Plight of the Unbanked Women in Emerging Markets is Focus of Visa
While there are Chase, TD Bank and Citi branches on virtually every corner in Manhattan, attendees at a United Nations women’s empowerment conference today in New York are being reminded that 2.5 billion people are still unbanked.
The topic of financial inclusion is a theme at the U.S. Chamber of Commerce Foundation’s International Women’s Day Forum. Several hundred corporate, non-profit and CSR professionals are attending the event.
Douglas Sabo, vice president and head of global corporate philanthropy and responsibility for Visa, said the credit card giant is focused on the detrimental impact to women when they do not have access to banking services (click here to see the interview: http://youtu.be/IJzYWd3BgWw)
“Women tend to be the CFOs in the household in the emerging markets around the world,” Sabo said, adding that women comprise the majority of the 2.5 billion people who do not have bank accounts.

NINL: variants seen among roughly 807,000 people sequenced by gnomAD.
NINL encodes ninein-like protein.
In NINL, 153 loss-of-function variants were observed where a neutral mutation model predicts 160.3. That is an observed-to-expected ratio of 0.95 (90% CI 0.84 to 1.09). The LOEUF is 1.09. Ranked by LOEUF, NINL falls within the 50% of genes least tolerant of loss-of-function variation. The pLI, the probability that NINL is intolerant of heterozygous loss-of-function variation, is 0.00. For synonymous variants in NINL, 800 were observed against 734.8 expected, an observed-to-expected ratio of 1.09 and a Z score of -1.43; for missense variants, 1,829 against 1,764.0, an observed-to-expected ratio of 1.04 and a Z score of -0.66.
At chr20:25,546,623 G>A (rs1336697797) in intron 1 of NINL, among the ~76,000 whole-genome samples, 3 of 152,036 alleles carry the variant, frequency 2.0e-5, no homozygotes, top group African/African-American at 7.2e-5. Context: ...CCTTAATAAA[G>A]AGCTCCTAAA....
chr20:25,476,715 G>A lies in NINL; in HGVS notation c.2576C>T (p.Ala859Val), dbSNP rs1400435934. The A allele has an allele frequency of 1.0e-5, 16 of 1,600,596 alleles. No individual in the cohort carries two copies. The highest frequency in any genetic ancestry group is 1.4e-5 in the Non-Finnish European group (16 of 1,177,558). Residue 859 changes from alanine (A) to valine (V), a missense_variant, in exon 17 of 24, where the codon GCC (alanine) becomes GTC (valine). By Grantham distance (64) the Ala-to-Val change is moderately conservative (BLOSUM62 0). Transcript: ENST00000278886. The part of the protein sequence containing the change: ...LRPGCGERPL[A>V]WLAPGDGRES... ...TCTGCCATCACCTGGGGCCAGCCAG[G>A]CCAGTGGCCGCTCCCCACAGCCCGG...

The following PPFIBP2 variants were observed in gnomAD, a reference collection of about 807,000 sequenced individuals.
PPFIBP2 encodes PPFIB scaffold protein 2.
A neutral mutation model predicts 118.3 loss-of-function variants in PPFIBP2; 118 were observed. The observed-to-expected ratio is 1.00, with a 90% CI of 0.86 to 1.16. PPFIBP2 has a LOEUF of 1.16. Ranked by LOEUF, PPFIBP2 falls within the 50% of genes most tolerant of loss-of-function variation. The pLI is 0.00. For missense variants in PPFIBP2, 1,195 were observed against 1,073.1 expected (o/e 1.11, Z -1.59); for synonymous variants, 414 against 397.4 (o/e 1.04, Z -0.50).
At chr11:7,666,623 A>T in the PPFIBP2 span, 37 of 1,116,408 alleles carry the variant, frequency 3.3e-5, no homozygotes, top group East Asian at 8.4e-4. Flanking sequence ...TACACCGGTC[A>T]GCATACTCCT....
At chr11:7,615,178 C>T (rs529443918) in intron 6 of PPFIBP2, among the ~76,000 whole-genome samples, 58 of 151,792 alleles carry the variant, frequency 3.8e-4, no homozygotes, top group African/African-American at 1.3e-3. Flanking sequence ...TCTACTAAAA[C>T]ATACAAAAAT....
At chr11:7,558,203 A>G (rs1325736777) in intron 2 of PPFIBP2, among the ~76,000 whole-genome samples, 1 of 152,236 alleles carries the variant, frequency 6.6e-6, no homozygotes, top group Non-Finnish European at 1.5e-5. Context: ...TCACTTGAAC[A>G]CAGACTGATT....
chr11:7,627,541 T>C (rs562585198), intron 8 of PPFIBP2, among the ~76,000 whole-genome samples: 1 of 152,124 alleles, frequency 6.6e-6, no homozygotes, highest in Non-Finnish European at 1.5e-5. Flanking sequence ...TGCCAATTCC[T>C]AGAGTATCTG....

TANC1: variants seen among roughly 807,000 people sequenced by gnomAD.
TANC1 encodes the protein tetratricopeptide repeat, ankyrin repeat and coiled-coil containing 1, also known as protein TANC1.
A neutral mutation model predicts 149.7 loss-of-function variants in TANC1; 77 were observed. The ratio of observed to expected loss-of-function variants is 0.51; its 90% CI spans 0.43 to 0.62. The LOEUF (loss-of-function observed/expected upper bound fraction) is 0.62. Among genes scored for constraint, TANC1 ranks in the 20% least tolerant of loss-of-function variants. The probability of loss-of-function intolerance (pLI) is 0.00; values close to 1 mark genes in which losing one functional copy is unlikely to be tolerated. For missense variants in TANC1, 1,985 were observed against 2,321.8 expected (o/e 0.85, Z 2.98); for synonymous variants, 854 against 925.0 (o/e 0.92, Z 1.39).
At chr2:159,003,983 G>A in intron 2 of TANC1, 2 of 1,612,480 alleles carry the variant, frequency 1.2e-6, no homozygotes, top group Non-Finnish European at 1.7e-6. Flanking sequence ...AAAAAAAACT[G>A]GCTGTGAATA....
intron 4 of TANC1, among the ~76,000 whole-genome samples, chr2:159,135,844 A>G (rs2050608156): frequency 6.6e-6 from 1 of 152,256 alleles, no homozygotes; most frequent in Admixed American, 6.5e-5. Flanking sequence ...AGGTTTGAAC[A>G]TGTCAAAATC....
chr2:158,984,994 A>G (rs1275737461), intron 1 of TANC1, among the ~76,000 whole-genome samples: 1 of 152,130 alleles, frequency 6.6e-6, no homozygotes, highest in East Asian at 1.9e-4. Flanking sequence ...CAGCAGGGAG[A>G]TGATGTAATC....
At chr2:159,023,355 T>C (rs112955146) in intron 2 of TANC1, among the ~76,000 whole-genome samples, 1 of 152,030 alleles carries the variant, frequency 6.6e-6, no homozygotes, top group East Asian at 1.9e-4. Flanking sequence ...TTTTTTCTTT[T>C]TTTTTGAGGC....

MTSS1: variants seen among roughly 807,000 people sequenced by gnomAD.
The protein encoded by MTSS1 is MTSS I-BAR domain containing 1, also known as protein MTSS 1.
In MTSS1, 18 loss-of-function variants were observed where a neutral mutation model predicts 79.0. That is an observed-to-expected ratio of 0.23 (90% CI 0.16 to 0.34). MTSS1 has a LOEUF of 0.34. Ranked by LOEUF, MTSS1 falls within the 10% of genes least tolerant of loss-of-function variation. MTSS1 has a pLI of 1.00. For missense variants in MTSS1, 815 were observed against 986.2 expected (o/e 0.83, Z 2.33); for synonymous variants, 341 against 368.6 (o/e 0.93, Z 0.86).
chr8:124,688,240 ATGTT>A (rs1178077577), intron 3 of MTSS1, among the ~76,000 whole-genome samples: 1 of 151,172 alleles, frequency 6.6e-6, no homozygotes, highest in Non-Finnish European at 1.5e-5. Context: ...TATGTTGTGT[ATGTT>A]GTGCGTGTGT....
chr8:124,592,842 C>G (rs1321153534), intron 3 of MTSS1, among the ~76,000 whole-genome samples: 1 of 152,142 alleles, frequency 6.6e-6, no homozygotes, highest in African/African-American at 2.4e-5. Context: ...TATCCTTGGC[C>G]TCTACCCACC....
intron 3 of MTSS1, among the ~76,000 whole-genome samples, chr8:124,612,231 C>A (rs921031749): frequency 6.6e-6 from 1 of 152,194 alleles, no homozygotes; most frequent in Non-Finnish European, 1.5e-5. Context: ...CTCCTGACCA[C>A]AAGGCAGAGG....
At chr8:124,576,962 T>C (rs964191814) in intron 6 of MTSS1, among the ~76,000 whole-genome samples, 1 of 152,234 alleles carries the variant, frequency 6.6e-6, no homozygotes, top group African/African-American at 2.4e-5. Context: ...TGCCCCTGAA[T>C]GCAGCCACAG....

“They are the ones who have to figure out how to make the daily financial transactions work—when money is coming in from a microloan, a government subsidy, when money needs to go out to put food on the table, to pay for school fees, to fix a roof,” Sabo added. “So they are bearing the brunt of the cost of a household being unbanked.”
Visa is working with partners in Ghana, Nigeria, Uganda, Southeast Asia and Latin America to find innovative ways to bring secure credit and banking technology to underserved populations, focusing on women, said Sabo. Mobile phone usage is pervasive even in the most rural communities, but Sabo indicated women are far less likely to own a phone then men.
Co-presenters on Sabo’s panel, “Expanding Financial Inclusion: New Tools for Inclusion,” included Anna Gincherman, chief product development officer, Women’s World Banking; Nathalie Roberts, director, Her Project; and Henriette Kolb, head IFC gender secretariat at International Finance Corp.
By Dave Armon, CMO, 3BL Media